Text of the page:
On the basis of these early influences, Hartshorne developed an appreciation for idealist philosophy and process metaphysics. Most significant in this regard are C.S. Pierce and A.N. Whitehead, but Hartshorne gladly lists an array of thinkers which includes virtually all of the prominent nineteenth century idealists of America, Britain and France, and many of his teachers at Harvard. His philosophy bears a strikingly close resemblance to that of A. N. Whitehead. At the time of his doctoral dissertation he had read nothing of Pierce or Whitehead's metaphysical works but was exposed to them both simultaneously when he returned to Harvard in 1925 after his two years in Germany. Hartshorne's mature philosophy may be described with tolerable inadequacy as a highly creative adaptation of Whitehead's view of the world and of God.
Philosophers have not been all that enthusiastic about any kind of undisguised metaphysics during the twentieth century. Hartshorne's influence on the philosophical world will therefore take some time to gauge. However, his work has been appropriated enthusiastically by theologians: especially the so-called process theologians such as Henry Wieman, Daniel Day Williams, John B. Cobb Jr., Scubert Ogden, Norman Pittenger, Lewis Ford, David Griffin, and others.
The background to Hartshorne's thought is in large part also the background to process metaphysics. When the adjective "process" is used to qualify "theology", "philosophy", "metaphysics", "modes of thought" and similar words and phrases, the intention is to indicate that priority is being accorded to the categories of event, becoming, and relatedness over the categories of being and substance. The significance of this categorial decision has long been appreciated in western philosophy, beginning with the pre-socratic attempts to understand change, which is sometimes popularly (and apocryphally - as a teaching device) represented as an argument between Heraclitus and Parmenides, with the former insisting that all is in flux, and the latter that all is one. In Buddhist thought there is also a strong and ancient thread which teaches that there are no static substances behind the flow of experience. The modern manifestations of the process emphasis are grounded in:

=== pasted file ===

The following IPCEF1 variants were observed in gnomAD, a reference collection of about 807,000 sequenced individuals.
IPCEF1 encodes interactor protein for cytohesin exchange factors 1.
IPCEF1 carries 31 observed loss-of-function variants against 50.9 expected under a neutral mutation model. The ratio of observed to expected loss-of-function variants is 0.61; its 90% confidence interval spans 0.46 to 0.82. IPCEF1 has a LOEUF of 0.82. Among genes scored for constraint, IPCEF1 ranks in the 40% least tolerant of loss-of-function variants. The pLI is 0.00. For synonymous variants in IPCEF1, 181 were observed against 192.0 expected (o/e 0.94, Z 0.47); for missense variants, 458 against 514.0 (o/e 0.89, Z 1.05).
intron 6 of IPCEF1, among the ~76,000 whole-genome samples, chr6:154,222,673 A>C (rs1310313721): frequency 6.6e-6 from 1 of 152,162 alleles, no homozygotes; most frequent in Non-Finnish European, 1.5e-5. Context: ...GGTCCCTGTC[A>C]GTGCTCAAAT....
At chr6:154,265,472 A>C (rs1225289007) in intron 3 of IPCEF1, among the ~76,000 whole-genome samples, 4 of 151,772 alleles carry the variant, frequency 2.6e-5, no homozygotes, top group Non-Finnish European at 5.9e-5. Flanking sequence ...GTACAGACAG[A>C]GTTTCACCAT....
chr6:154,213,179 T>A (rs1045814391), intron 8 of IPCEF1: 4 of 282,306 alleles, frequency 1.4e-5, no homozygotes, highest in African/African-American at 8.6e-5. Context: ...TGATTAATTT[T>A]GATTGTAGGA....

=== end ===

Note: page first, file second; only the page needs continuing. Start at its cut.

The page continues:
1. Hegel's and post-Hegelian views of reality as dynamic history,
2. scientific advances towards a deeper understanding of reality (especially biological evolution, physical cosmology and an increasingly rich, if confusing, theory of the sub-atomic), and
3. the experiential and empirical pragmatism of philosophers like Pierce, Dewey and James, with its insistence on the centrality of experience for understanding reality.